Vulcanization or curing is the irreversible reaction of the nitrile copolymer with sulfur or other crosslink compounds to provide cross links between the polymer strands and results in a more rigid hardened permanently formed product. A broad range of sulfur compounds may be used for vulcanization including hydrogen sulfide, sulfur oxides and the like as will be recognized by those skilled in the art. However, elemental sulfur is easily available and inexpensive but is somewhat slower to react than some other sulfur supplying compounds. Elemental sulfur is an essential component of the composition of this invention. In a preferred embodiment the delayed curing formulation will contain about 0.3 to 0.5% sulfur.
 Thus, the sealant composition employs a low sulfur vulcanizing system with high efficiency that adjusts to constantly changing conditions throughout the entire injection (extrusion) process into a clamp cavity. This will optimize temperature adaptability.
 Additionally, the delayed curing sealant is a delayed curing sealant that is stable at ambient conditions, easily stored and packaged, have excellent liquidity as well as formability (malleability) to meet the stringent technical requirement for use as a sealant. This composition will establish an efficient seal structure during initial injection, ductility dip, and transformation (vulcanization) to elastomer.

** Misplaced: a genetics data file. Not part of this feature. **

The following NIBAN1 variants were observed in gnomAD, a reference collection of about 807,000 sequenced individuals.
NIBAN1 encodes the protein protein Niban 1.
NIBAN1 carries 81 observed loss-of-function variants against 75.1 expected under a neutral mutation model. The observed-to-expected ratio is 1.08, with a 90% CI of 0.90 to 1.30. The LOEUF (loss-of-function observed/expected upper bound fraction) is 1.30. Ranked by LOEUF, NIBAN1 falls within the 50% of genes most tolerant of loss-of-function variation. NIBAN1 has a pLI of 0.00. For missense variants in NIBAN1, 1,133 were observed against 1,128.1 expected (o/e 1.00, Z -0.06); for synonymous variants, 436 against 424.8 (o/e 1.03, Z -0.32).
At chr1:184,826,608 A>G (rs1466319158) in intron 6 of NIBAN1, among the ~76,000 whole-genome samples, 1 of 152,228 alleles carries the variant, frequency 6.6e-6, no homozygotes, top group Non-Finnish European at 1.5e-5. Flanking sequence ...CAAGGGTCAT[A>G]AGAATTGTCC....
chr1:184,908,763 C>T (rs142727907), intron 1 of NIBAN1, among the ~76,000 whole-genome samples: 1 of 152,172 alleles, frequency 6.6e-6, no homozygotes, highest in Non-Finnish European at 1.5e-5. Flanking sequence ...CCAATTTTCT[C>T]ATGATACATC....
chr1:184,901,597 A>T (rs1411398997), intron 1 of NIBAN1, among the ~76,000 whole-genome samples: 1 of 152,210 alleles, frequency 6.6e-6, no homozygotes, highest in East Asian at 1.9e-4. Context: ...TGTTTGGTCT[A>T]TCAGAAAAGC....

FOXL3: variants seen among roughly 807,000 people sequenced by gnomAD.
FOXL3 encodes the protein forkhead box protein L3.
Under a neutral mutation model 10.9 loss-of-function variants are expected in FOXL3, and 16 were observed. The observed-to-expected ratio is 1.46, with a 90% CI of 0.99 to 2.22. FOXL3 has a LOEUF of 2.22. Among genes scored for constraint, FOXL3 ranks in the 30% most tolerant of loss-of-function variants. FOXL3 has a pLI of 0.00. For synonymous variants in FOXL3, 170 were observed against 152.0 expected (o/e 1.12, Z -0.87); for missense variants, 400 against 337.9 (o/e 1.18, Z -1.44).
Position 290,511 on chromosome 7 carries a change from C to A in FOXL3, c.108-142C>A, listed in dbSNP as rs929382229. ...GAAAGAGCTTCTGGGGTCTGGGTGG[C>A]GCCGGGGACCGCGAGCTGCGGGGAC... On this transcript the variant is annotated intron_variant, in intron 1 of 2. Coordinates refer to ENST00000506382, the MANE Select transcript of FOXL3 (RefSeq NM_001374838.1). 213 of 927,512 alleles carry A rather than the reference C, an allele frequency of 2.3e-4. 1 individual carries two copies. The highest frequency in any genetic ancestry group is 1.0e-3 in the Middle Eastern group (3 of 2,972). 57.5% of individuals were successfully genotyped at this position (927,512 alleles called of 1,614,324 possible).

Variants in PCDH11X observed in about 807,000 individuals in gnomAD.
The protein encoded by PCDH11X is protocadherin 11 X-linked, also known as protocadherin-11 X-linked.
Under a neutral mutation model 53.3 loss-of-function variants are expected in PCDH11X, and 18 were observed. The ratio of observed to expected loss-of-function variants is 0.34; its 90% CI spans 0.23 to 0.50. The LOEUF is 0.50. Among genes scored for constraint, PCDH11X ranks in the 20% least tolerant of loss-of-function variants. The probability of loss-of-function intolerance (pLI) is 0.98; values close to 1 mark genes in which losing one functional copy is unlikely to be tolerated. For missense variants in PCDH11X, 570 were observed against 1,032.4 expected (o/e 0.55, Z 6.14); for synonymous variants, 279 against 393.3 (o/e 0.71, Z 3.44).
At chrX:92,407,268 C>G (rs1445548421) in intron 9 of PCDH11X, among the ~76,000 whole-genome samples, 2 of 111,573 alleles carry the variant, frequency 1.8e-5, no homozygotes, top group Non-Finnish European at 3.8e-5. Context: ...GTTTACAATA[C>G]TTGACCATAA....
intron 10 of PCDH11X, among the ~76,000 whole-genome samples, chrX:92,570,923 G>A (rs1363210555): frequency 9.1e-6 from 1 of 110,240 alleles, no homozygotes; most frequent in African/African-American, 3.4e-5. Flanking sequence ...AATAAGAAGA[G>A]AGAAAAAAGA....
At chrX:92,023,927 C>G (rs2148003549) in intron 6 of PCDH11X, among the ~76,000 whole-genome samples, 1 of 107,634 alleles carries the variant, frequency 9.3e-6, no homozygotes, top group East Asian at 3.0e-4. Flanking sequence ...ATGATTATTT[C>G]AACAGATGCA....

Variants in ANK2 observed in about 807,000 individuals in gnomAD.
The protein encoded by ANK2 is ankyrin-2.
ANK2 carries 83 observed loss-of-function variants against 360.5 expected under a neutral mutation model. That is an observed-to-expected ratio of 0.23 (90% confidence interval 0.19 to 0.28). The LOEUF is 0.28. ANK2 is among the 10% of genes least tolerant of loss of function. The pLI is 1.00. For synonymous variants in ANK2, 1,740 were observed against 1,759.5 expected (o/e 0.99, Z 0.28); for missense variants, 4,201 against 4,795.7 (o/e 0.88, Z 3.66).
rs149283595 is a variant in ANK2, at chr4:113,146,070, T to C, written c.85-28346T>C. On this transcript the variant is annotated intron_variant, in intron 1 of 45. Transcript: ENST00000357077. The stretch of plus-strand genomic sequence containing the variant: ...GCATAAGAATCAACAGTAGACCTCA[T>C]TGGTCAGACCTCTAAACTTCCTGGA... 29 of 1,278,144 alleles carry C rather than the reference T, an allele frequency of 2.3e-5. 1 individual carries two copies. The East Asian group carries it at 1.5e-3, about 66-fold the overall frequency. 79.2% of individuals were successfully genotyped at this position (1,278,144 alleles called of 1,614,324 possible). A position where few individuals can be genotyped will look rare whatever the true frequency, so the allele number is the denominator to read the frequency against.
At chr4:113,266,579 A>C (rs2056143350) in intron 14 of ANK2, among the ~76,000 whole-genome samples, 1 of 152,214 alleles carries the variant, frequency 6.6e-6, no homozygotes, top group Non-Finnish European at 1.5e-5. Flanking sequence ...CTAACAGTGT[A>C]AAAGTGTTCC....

By judicious selection of the components the composition maximizes the functions of the vulcanized seal system to enable a wide temperature adaptability of -195 to 900° C. The composition has the advantages of wide medium resistance, injection manufacturability, excellent filling quality and sealing ability. The critical selection of base materials and accessory ingredients, this invention enhances the delayed curing compositions cross linking density in the vulcanization process, improves its physical and mechanical properties and strengthens its temperature adaptability. The formulation will be partially elastic and sufficiently plastic to be easily formed or molded. A convenient form for use in the injection guns of the system of this invention is an extruded cylinder sized to fit into the extrusion guns.
 At the initial stage of injection into a heated clamp cavity, the delayed curing formulations have a high degree of liquidity and formability that make it easy for the sealant to fill the entire cavity, avoiding the existence of dead angles and ensuring a long-term sealing stability.
 The delayed curing composition is a nitrile rubber composition, therefore as the term is used herein nitrile rubber is a copolymer of acrylonitrile and butadiene and is usually produced by polymerized in an aqueous emulsion. The nitrile copolymer has single unit molecules linked into large multiple unit molecules. Higher acrylonitrile content gives the copolymer more strength and greater resistance to oil degradation and swelling. Generally, the nitrile rubber useful in this invention will contain (or be made from) about 20 to 70% acrylonitrile and more preferably about 30 to 50% acrylonitrile.
 A key feature of the delayed curing sealant of this invention is the proper preconditioning of the raw nitrile rubber prior to formulation with the other components. Preconditioned rubber means raw nitrile rubber that has been milled in an open mill having opposing rollers and exposed to ambient air for a period of about 16 to 24 hours. This treatment may also be termed plastication. This preconditioning reduces molecular cohesion, decrease elasticity and increase plasticity. The high molecular weight of rubber is reduced during milling so that even light plastication can reduce the molecular weight to one-tenth its initial level.